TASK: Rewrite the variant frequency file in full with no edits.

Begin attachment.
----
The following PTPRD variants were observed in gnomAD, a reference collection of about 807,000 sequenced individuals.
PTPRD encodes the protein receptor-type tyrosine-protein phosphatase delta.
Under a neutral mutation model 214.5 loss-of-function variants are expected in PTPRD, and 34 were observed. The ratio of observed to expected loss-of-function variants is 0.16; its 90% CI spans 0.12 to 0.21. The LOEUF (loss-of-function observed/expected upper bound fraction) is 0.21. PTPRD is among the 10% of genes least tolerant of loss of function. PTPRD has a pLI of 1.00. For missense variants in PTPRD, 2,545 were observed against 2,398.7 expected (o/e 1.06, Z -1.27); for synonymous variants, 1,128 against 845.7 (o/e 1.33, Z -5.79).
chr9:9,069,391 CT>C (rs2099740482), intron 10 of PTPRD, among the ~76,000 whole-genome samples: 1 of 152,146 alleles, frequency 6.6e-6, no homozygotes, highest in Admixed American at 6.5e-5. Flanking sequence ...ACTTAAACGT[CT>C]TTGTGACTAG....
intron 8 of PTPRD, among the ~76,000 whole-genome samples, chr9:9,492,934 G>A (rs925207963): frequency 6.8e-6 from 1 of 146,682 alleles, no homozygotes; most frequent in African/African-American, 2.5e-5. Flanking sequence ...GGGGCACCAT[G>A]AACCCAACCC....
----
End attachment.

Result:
The following PTPRD variants were observed in gnomAD, a reference collection of about 807,000 sequenced individuals.
PTPRD encodes the protein receptor-type tyrosine-protein phosphatase delta.
Under a neutral mutation model 214.5 loss-of-function variants are expected in PTPRD, and 34 were observed. The ratio of observed to expected loss-of-function variants is 0.16; its 90% CI spans 0.12 to 0.21. The LOEUF (loss-of-function observed/expected upper bound fraction) is 0.21. PTPRD is among the 10% of genes least tolerant of loss of function. PTPRD has a pLI of 1.00. For missense variants in PTPRD, 2,545 were observed against 2,398.7 expected (o/e 1.06, Z -1.27); for synonymous variants, 1,128 against 845.7 (o/e 1.33, Z -5.79).
chr9:9,069,391 CT>C (rs2099740482), intron 10 of PTPRD, among the ~76,000 whole-genome samples: 1 of 152,146 alleles, frequency 6.6e-6, no homozygotes, highest in Admixed American at 6.5e-5. Flanking sequence ...ACTTAAACGT[CT>C]TTGTGACTAG....
intron 8 of PTPRD, among the ~76,000 whole-genome samples, chr9:9,492,934 G>A (rs925207963): frequency 6.8e-6 from 1 of 146,682 alleles, no homozygotes; most frequent in African/African-American, 2.5e-5. Flanking sequence ...GGGGCACCAT[G>A]AACCCAACCC....